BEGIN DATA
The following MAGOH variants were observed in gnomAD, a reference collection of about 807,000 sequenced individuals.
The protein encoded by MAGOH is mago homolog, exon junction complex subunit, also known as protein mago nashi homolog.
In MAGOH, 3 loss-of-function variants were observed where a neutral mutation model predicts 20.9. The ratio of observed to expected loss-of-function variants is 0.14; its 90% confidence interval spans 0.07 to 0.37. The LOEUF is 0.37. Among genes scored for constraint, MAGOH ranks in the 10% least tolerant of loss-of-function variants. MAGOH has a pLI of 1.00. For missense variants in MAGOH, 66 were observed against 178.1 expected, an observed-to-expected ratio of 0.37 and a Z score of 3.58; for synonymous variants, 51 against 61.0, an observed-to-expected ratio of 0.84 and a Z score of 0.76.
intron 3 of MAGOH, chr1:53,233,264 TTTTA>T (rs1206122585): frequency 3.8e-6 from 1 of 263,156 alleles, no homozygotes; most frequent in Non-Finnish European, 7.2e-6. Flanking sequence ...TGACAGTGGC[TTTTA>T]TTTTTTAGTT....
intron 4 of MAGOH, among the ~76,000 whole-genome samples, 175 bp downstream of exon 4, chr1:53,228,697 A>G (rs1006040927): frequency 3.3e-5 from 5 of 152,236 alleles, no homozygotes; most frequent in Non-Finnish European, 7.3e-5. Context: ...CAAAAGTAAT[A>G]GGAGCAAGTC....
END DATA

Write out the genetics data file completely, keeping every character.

The following MAGOH variants were observed in gnomAD, a reference collection of about 807,000 sequenced individuals.
The protein encoded by MAGOH is mago homolog, exon junction complex subunit, also known as protein mago nashi homolog.
In MAGOH, 3 loss-of-function variants were observed where a neutral mutation model predicts 20.9. The ratio of observed to expected loss-of-function variants is 0.14; its 90% confidence interval spans 0.07 to 0.37. The LOEUF is 0.37. Among genes scored for constraint, MAGOH ranks in the 10% least tolerant of loss-of-function variants. MAGOH has a pLI of 1.00. For missense variants in MAGOH, 66 were observed against 178.1 expected, an observed-to-expected ratio of 0.37 and a Z score of 3.58; for synonymous variants, 51 against 61.0, an observed-to-expected ratio of 0.84 and a Z score of 0.76.
intron 3 of MAGOH, chr1:53,233,264 TTTTA>T (rs1206122585): frequency 3.8e-6 from 1 of 263,156 alleles, no homozygotes; most frequent in Non-Finnish European, 7.2e-6. Flanking sequence ...TGACAGTGGC[TTTTA>T]TTTTTTAGTT....
intron 4 of MAGOH, among the ~76,000 whole-genome samples, 175 bp downstream of exon 4, chr1:53,228,697 A>G (rs1006040927): frequency 3.3e-5 from 5 of 152,236 alleles, no homozygotes; most frequent in Non-Finnish European, 7.3e-5. Context: ...CAAAAGTAAT[A>G]GGAGCAAGTC....